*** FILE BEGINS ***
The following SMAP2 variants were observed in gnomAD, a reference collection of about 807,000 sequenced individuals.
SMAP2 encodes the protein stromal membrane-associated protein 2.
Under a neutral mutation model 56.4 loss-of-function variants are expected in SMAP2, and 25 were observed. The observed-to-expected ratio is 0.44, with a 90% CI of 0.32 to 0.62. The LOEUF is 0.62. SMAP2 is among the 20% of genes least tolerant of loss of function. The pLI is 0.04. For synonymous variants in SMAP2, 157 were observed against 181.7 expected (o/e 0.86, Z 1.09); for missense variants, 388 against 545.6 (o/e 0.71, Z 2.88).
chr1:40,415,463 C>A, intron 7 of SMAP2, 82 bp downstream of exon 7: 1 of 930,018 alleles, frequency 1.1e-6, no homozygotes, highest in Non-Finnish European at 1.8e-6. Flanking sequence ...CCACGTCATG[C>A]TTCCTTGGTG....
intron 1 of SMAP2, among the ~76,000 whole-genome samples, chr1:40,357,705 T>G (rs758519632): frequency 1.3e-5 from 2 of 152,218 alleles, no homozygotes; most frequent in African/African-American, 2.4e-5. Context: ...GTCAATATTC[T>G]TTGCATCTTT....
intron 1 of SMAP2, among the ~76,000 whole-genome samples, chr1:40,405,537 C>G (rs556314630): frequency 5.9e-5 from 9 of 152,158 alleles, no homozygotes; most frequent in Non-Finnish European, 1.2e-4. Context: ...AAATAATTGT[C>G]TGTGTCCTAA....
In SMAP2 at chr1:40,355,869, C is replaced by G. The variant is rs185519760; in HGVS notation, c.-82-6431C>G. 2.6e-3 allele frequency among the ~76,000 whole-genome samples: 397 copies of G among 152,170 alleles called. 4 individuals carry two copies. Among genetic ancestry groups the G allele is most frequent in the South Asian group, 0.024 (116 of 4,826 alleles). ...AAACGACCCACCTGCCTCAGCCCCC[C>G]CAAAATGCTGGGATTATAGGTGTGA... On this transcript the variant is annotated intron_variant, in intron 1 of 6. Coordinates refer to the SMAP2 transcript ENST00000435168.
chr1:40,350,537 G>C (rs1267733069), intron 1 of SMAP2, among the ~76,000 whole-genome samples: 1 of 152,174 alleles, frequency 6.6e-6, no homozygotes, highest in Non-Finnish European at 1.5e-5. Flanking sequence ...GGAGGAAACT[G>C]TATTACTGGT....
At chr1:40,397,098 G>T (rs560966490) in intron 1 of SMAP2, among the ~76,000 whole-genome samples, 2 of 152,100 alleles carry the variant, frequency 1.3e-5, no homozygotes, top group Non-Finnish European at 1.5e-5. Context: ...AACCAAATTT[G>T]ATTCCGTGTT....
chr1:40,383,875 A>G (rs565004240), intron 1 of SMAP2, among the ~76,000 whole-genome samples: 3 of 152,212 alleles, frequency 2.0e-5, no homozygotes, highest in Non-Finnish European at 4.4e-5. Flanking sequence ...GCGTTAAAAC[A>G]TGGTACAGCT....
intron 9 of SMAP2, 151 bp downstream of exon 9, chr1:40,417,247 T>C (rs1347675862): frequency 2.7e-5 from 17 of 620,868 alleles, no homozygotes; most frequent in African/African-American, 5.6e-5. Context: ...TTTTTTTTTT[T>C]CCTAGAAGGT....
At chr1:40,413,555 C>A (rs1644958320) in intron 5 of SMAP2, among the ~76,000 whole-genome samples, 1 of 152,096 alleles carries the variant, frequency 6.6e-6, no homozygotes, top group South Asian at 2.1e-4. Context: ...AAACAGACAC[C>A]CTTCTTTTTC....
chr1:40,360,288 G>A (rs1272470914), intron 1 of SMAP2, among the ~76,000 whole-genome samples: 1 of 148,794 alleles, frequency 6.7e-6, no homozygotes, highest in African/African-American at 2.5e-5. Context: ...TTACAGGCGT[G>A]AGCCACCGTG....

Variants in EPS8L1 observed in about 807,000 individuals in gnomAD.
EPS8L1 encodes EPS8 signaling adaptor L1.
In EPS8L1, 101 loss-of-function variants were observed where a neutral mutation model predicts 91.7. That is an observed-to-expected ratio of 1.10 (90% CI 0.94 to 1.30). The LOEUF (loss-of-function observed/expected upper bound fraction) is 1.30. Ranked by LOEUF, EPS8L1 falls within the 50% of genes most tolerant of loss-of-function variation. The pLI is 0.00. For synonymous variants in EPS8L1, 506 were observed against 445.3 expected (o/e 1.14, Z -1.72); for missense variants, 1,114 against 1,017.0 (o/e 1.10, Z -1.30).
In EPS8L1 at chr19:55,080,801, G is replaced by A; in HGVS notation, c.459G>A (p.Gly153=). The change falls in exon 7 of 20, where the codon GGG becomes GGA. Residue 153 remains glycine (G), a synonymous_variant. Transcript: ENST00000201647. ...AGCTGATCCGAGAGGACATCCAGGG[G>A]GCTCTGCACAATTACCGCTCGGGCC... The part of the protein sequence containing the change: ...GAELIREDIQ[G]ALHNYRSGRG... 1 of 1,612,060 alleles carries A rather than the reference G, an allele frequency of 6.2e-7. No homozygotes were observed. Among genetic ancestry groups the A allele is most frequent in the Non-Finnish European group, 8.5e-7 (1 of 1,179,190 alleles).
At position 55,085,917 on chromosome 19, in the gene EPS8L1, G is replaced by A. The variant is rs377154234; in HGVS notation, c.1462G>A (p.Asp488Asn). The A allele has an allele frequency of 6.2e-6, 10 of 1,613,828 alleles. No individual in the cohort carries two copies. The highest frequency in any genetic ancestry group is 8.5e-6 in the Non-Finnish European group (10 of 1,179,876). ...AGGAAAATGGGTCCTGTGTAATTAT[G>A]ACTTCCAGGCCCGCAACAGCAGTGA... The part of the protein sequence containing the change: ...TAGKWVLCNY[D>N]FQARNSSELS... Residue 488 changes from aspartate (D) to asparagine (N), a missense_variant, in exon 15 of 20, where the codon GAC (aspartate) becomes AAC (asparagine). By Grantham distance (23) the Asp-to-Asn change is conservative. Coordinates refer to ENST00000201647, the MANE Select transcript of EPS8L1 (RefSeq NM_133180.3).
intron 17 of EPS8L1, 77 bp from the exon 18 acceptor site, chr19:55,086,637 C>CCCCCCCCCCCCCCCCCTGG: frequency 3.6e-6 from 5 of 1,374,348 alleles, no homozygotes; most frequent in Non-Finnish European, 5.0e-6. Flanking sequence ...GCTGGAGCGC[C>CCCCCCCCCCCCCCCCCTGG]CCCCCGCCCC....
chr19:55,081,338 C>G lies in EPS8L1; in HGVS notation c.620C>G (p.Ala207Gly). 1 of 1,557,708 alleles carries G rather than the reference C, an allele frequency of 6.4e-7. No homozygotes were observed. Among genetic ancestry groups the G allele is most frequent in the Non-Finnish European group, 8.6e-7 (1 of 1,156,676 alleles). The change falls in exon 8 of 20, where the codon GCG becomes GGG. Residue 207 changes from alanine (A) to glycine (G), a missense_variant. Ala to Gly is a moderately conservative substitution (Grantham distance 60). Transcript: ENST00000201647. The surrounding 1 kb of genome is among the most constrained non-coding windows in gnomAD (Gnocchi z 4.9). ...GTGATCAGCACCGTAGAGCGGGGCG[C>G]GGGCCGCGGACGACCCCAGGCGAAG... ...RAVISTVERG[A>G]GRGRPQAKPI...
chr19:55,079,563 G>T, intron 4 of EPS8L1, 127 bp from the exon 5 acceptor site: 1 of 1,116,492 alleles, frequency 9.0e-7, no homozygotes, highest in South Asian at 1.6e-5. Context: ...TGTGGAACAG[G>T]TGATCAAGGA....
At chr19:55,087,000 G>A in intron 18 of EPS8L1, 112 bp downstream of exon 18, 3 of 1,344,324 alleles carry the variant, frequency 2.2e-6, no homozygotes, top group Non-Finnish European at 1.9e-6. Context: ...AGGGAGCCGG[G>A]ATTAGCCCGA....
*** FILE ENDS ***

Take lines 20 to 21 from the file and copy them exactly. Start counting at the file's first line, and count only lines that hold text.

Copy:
chr19:55,081,338 C>G lies in EPS8L1; in HGVS notation c.620C>G (p.Ala207Gly). 1 of 1,557,708 alleles carries G rather than the reference C, an allele frequency of 6.4e-7. No homozygotes were observed. Among genetic ancestry groups the G allele is most frequent in the Non-Finnish European group, 8.6e-7 (1 of 1,156,676 alleles). The change falls in exon 8 of 20, where the codon GCG becomes GGG. Residue 207 changes from alanine (A) to glycine (G), a missense_variant. Ala to Gly is a moderately conservative substitution (Grantham distance 60). Transcript: ENST00000201647. The surrounding 1 kb of genome is among the most constrained non-coding windows in gnomAD (Gnocchi z 4.9). ...GTGATCAGCACCGTAGAGCGGGGCG[C>G]GGGCCGCGGACGACCCCAGGCGAAG... ...RAVISTVERG[A>G]GRGRPQAKPI...
chr19:55,079,563 G>T, intron 4 of EPS8L1, 127 bp from the exon 5 acceptor site: 1 of 1,116,492 alleles, frequency 9.0e-7, no homozygotes, highest in South Asian at 1.6e-5. Context: ...TGTGGAACAG[G>T]TGATCAAGGA....